Dear A.,

It’s been too long.

I’ve been watching with interest your work at the Institute through the various missives, pamphlets and publications and I really want to congratulate you on the excellent program of exhibitions and events you have produced thus far. I admire what you have been able to accomplish in such a short amount of time and under the economic constraints the organization faces.

Because of our history together I thought it best to first respond to your request via my personal address. In order to do so I consulted with our Registrar, our Archivist and our Conservators and, of course, Curatorial, before sitting down to compose this reply — hence the delay.

I certainly do not want to discourage your desire to bring “Untitled” to the Institute and I can see how critical its inclusion will be to your curatorial ambitions for the show. From our perspective, we see the project as a great opportunity to expand the awareness of the artist’s work beyond our national boundaries, since it has had such a lasting impact on the development of the practice here and elsewhere. We are prepared to do whatever we can to assist you in the realization of your project, and agree that the difficulties that will undoubtedly arise are certainly balanced by the mutual benefits to our organizations and audiences.

I thought it best to address the technical and conceptual issues in order of priority of difficulty, so I’ve summarized key points:

— I’m sure the first thing on both our minds is the lard. Now, I empathize that the first logistical impulse is to simply purchase eighty-one cases of whatever shortening is readily available, but this has come up before. For the 2001 tour we ran this option by the estate and a number of art historians since we had already gone ahead and procured a sponsorship from an international rendering firm to provide us with product for each venue on the circuit. The family and the specialists were particularly adamant that the original material is integral to the work. In fact, they presented me with swathes of documentation from critical reviews and catalogue entries over the years that spoke directly to the added poignancy that the aging viscosity of the material lent to its interpretation. I did argue with Curatorial that I was not convinced that the artist intended the associations of loss and degradation, let alone sentimentality that came along with the sagging bricks, especially when one can see in the documentation of the first exhibition how the white, flawless, smooth and crisp lines of the structure relate to the architecture of the gallery. And the reference to the preciousness of the scarce material at the time of production is difficult for today’s audiences to grasp, its purity and refinement lost in our abundant era. The curatorial team wasn’t convinced, and as Director I must defer to the professional staff and the consulting scholars’ authority. I guess this is just symptomatic of the dueling discourses on authenticity, but it indicates nonetheless which is bound to come out on top. While I feel that the original exhibition documentation in black and white managed to lend the fat a cool elegance, I concede that the patina of the preserved material draws in a sombre nature mort sensibility. One note on the bright side, however, is that the rendering firm did provide advice regarding the temperature and humidity levels in transit (as they related to our vault conditions) and made a contribution towards the refrigerated trucking needs. There may be potential to get them involved once again, although I am not certain of their scope in terms of the air-freight requirements of an international venue.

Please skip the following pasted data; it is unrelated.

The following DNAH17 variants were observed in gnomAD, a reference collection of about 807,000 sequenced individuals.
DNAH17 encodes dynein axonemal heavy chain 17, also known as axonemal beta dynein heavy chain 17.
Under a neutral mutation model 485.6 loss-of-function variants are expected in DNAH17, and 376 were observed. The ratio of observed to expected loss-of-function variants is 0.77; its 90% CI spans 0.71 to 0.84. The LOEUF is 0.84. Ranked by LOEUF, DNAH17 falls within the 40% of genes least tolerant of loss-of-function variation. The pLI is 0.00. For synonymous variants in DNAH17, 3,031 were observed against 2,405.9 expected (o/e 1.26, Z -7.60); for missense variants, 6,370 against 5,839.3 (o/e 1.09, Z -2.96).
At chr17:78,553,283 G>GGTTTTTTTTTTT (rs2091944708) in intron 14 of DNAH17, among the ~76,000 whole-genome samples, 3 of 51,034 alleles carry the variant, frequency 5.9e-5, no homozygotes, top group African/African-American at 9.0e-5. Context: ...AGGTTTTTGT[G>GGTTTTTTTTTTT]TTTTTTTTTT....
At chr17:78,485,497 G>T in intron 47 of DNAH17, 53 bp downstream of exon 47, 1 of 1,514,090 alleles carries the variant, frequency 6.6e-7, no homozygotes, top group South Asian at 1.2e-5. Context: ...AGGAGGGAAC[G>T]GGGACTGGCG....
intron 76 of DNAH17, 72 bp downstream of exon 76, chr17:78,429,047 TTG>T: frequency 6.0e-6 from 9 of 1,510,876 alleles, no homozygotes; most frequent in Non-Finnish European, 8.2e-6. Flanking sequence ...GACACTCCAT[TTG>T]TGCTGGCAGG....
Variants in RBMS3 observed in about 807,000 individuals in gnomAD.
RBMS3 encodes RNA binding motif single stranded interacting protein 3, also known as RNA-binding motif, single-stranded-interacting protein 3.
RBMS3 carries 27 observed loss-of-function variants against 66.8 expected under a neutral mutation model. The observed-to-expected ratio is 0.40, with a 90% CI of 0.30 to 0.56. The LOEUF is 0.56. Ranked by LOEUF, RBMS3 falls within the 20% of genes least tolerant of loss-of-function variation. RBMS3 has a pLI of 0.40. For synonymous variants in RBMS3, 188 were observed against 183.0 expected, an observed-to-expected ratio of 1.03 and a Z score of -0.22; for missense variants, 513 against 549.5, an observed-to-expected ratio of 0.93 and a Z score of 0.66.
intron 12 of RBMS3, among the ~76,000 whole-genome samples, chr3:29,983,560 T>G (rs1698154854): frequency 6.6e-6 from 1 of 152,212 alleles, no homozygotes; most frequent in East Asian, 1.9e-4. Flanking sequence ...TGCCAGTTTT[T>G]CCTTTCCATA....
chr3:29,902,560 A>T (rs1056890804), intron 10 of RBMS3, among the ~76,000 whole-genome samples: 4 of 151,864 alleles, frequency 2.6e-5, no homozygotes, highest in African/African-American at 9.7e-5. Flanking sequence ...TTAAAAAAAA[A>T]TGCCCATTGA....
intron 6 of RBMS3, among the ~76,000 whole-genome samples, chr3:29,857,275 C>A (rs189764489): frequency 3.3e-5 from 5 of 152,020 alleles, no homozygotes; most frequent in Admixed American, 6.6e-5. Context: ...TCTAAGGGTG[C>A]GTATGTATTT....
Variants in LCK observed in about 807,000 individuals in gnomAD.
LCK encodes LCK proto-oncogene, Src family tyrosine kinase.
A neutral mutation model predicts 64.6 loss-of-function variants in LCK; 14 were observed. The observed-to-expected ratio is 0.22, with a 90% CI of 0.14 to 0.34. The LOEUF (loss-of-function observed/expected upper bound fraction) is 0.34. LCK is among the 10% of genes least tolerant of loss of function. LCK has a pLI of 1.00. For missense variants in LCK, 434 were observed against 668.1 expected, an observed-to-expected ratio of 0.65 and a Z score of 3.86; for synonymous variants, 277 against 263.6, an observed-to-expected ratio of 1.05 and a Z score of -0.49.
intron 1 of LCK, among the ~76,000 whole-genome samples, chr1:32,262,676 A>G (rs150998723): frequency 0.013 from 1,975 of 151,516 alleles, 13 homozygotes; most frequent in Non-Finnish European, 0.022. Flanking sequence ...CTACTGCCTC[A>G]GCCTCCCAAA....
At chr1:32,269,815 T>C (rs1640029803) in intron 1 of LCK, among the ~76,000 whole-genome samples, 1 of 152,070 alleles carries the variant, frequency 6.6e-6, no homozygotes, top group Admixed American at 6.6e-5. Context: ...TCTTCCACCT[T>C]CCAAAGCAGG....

— Number two in order of difficulty is the issue of the preservation of the stains. I will forward the accumulated condition reports on each stain so that you can have a look at what is required and put you in touch with the conservation team. We may have to factor in travel time and costs for one of my staff to attend to this, since it involves a complicated process with talc and blotting paper.

— The next issue has to do with the area taken up by the work. This is another sticky point for both the Estate and Curatorial. While planning the tour, the most important issues had to do with the proximity to any wall, and the relationship to the other work in the show. As the tour was a solo, I expect this last point to be especially scrutinized since your project combines a number of ‘proto-installation’ works across historical periods and aesthetic approaches. Have a look at the attached installation plans from the tour, and you can see the acceptable reconfigurations of the overall installation area. The work should occupy approximately 17 square meters, although it may need more visual space once the sightlines and the other works are taken into consideration.